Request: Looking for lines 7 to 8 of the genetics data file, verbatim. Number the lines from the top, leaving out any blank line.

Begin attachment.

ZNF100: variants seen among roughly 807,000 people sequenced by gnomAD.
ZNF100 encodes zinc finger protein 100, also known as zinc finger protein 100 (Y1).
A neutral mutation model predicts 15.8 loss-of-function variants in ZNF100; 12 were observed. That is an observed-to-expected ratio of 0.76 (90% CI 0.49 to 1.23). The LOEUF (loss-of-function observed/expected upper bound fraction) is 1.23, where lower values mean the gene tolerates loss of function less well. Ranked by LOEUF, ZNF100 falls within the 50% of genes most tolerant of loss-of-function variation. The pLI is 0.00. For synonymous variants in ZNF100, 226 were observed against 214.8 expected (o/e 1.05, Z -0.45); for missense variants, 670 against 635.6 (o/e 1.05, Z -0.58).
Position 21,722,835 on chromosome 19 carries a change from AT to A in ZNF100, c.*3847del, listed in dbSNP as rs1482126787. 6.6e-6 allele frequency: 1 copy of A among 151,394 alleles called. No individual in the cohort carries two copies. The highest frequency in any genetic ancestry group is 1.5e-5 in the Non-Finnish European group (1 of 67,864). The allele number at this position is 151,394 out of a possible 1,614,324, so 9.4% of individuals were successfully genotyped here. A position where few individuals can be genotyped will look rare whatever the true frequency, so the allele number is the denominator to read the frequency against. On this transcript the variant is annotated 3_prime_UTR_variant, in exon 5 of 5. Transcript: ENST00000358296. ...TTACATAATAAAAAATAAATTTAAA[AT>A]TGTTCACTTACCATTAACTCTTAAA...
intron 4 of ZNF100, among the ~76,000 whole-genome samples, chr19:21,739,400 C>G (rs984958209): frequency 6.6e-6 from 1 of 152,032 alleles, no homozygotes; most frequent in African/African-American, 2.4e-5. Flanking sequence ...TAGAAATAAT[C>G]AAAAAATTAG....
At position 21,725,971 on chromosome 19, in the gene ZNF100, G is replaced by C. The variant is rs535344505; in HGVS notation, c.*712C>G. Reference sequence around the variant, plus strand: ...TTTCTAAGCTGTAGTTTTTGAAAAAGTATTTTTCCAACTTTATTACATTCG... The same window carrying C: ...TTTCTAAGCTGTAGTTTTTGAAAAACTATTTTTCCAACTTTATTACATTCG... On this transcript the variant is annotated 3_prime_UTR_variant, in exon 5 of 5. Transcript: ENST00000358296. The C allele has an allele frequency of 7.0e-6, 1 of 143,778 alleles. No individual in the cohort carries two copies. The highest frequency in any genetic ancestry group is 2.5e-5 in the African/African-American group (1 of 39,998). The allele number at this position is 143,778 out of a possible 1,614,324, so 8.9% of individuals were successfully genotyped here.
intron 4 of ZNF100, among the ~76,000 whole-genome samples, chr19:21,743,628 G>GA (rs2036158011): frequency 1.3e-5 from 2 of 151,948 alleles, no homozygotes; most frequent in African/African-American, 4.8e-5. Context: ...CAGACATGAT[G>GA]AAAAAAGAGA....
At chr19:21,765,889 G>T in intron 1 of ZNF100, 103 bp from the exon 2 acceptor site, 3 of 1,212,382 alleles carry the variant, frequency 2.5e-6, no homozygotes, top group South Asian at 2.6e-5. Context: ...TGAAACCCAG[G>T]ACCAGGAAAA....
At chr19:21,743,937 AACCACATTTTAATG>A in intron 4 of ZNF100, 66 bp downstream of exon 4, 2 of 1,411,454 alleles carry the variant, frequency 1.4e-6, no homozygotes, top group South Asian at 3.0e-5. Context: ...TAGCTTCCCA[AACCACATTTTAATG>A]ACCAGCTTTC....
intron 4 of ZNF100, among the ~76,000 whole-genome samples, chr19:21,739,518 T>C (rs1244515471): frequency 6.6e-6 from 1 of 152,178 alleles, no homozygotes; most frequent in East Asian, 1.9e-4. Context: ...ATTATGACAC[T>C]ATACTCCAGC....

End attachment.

intron 4 of ZNF100, among the ~76,000 whole-genome samples, chr19:21,743,628 G>GA (rs2036158011): frequency 1.3e-5 from 2 of 151,948 alleles, no homozygotes; most frequent in African/African-American, 4.8e-5. Context: ...CAGACATGAT[G>GA]AAAAAAGAGA....
At chr19:21,765,889 G>T in intron 1 of ZNF100, 103 bp from the exon 2 acceptor site, 3 of 1,212,382 alleles carry the variant, frequency 2.5e-6, no homozygotes, top group South Asian at 2.6e-5. Context: ...TGAAACCCAG[G>T]ACCAGGAAAA....